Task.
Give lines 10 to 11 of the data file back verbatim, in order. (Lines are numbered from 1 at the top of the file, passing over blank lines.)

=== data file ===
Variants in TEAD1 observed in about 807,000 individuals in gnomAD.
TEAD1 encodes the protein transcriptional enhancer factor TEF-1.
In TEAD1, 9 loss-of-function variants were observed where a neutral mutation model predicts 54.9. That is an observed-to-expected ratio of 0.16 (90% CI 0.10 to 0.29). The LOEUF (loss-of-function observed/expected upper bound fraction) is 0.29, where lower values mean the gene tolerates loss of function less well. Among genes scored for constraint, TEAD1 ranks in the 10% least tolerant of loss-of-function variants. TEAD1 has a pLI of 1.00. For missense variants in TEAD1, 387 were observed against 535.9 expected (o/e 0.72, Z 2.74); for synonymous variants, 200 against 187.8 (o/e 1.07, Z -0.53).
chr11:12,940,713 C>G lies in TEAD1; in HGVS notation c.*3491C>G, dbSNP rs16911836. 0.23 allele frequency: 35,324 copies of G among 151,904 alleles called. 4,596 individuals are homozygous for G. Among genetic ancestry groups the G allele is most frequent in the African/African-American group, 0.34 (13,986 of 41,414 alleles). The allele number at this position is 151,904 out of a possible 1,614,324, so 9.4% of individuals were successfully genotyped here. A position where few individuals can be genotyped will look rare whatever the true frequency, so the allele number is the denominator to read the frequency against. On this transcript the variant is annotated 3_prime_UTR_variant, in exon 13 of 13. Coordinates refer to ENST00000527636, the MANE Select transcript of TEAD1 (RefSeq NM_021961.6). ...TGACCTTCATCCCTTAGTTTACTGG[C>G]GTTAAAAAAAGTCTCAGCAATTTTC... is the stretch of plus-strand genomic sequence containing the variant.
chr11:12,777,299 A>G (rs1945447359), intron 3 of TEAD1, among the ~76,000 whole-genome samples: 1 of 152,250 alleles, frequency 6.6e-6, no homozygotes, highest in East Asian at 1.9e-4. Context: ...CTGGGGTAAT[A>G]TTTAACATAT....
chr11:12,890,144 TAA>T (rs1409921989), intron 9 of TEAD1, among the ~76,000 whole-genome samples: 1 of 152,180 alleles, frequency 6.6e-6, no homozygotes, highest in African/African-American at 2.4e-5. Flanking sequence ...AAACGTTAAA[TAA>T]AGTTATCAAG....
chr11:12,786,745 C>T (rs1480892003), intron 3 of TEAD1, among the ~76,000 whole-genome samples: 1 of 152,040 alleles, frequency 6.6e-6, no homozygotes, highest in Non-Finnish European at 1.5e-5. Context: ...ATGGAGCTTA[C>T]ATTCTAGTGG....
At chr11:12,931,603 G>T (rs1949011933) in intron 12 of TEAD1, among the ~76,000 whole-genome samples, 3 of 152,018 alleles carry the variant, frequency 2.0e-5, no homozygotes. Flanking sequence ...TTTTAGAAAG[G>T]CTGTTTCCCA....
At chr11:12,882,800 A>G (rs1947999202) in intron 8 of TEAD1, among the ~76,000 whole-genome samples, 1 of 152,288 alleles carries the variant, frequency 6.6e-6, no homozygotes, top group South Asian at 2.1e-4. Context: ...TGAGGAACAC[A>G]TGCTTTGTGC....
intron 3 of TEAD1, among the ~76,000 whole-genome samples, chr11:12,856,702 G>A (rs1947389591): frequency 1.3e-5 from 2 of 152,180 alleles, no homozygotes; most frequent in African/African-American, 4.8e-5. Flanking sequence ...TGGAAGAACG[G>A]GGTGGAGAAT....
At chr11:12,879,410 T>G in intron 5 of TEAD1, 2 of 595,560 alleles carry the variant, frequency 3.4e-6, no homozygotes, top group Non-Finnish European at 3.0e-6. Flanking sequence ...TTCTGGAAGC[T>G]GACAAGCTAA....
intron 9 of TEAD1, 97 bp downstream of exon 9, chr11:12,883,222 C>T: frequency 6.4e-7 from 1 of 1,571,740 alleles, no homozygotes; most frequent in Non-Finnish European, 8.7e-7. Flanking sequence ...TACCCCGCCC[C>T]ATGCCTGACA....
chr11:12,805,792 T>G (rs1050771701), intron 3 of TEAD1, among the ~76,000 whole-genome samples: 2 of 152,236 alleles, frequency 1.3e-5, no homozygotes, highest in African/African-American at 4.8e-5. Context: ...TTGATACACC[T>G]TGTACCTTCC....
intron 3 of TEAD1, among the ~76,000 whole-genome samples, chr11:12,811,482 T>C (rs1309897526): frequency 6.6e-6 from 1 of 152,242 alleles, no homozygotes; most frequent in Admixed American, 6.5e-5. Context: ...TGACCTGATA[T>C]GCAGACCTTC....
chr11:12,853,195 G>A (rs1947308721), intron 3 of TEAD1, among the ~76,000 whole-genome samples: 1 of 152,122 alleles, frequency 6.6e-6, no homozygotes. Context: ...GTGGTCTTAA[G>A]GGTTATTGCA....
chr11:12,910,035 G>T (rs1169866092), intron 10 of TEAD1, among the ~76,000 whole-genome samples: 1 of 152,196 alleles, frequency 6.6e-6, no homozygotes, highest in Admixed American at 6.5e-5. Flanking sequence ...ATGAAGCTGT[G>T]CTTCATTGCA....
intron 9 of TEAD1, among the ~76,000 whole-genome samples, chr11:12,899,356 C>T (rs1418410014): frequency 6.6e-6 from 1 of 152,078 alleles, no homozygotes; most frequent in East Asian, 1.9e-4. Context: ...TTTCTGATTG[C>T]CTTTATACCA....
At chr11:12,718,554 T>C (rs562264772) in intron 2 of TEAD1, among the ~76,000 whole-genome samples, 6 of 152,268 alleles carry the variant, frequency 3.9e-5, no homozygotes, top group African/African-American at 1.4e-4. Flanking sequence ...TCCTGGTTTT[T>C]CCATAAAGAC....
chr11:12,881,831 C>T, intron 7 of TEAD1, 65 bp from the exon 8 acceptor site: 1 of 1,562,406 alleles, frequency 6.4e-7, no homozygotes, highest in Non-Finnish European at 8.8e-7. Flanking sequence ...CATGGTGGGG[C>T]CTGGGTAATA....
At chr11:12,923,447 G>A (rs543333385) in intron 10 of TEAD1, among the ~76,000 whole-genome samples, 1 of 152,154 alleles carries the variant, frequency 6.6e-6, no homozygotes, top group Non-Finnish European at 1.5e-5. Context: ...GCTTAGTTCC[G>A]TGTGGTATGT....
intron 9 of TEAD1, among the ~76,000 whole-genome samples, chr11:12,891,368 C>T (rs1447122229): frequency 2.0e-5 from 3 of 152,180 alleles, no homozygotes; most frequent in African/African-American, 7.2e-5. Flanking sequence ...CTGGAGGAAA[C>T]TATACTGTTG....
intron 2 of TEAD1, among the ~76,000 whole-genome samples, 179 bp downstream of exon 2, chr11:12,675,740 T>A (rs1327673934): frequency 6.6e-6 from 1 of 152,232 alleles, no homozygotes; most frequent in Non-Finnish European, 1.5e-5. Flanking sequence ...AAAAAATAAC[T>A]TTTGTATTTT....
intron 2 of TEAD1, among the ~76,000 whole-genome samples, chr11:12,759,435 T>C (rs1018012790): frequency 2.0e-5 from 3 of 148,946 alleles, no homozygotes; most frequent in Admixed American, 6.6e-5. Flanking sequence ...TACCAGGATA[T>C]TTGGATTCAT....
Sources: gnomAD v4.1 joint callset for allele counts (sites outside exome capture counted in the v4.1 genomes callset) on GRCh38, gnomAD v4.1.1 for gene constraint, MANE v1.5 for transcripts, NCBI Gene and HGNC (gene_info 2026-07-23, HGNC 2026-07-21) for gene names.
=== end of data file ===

intron 3 of TEAD1, among the ~76,000 whole-genome samples, chr11:12,856,702 G>A (rs1947389591): frequency 1.3e-5 from 2 of 152,180 alleles, no homozygotes; most frequent in African/African-American, 4.8e-5. Flanking sequence ...TGGAAGAACG[G>A]GGTGGAGAAT....
At chr11:12,879,410 T>G in intron 5 of TEAD1, 2 of 595,560 alleles carry the variant, frequency 3.4e-6, no homozygotes, top group Non-Finnish European at 3.0e-6. Flanking sequence ...TTCTGGAAGC[T>G]GACAAGCTAA....